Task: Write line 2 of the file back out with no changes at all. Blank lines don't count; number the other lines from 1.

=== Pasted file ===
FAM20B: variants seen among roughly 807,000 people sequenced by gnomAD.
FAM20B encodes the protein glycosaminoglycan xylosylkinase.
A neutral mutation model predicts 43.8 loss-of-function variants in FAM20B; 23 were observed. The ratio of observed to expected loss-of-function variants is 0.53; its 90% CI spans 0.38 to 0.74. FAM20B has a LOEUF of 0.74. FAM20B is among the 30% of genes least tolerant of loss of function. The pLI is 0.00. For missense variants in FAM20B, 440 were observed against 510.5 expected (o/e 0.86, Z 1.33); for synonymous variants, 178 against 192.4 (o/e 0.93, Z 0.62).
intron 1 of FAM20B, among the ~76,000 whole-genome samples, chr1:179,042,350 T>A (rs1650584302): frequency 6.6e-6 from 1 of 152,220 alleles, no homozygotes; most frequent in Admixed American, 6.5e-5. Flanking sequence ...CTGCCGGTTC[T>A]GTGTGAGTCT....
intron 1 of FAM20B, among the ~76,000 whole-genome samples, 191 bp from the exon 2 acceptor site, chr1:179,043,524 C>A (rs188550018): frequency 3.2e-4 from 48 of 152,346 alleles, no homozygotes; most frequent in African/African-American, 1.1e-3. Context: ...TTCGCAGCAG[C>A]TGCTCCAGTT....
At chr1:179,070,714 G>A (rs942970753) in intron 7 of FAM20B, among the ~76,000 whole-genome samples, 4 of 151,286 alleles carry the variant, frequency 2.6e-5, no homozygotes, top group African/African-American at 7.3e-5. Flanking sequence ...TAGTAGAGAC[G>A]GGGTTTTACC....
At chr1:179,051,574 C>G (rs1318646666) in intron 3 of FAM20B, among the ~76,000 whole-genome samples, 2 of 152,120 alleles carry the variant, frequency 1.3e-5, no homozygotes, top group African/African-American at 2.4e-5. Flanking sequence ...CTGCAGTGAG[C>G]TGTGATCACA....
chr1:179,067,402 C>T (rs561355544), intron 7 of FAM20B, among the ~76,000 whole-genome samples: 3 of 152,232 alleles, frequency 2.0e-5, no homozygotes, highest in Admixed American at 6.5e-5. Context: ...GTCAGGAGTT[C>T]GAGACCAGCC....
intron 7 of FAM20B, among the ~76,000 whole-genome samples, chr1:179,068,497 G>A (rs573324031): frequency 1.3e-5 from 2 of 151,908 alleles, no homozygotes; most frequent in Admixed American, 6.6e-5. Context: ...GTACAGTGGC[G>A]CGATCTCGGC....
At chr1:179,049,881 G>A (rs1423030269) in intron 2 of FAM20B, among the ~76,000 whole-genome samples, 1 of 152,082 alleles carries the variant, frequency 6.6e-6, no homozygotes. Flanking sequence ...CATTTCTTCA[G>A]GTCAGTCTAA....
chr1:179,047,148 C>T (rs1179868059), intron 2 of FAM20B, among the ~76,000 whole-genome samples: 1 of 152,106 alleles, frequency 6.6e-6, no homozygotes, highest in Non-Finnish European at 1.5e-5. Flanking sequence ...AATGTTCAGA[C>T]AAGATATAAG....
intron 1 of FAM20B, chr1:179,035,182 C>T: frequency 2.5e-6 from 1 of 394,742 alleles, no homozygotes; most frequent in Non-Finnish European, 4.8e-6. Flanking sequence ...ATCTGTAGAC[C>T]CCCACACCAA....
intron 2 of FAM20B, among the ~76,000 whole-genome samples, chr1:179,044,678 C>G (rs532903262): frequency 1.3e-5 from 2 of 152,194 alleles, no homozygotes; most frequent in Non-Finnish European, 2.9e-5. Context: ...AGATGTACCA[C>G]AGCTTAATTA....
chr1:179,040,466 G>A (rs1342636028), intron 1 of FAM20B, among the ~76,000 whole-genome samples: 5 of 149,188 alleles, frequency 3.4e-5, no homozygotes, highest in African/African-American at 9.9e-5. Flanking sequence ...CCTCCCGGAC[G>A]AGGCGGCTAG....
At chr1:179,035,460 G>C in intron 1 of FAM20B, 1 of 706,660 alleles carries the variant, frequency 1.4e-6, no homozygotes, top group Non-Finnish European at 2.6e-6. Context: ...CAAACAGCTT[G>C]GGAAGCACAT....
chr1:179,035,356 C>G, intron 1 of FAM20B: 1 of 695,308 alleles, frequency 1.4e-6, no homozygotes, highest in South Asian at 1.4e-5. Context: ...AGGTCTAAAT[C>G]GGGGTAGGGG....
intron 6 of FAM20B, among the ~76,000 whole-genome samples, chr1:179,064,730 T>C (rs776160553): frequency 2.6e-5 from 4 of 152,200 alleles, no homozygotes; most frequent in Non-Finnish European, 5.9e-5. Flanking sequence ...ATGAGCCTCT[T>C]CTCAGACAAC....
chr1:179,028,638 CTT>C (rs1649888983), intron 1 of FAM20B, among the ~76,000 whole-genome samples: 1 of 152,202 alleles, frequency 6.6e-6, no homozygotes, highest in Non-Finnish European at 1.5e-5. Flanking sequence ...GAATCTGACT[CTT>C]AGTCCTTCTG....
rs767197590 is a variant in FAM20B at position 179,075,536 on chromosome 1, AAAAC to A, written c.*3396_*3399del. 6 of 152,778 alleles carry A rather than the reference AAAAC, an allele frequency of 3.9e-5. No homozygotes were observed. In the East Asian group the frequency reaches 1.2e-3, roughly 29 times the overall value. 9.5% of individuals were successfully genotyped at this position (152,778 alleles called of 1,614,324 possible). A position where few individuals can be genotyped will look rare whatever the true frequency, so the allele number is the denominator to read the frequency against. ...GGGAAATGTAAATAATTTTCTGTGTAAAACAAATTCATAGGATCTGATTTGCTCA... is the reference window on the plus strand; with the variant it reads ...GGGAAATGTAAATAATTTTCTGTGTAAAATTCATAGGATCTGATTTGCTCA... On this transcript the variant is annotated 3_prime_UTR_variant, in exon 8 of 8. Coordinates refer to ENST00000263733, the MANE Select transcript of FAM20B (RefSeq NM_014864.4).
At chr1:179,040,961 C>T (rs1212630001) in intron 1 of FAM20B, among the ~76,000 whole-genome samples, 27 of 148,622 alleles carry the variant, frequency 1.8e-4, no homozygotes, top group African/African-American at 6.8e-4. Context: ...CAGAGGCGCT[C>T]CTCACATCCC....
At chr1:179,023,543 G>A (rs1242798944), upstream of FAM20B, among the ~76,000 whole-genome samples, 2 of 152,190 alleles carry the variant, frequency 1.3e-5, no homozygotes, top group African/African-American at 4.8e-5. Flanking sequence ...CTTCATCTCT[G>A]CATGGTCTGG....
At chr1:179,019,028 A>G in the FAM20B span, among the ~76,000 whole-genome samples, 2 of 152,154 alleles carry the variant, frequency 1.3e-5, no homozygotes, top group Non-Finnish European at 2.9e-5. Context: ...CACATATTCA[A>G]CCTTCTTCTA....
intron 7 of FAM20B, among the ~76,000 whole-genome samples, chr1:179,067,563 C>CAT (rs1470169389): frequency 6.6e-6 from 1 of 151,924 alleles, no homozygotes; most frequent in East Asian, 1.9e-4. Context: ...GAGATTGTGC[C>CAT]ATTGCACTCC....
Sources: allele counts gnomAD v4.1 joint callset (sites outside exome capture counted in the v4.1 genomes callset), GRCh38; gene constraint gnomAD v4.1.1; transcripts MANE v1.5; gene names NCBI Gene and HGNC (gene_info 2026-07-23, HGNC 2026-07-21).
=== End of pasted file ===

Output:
FAM20B encodes the protein glycosaminoglycan xylosylkinase.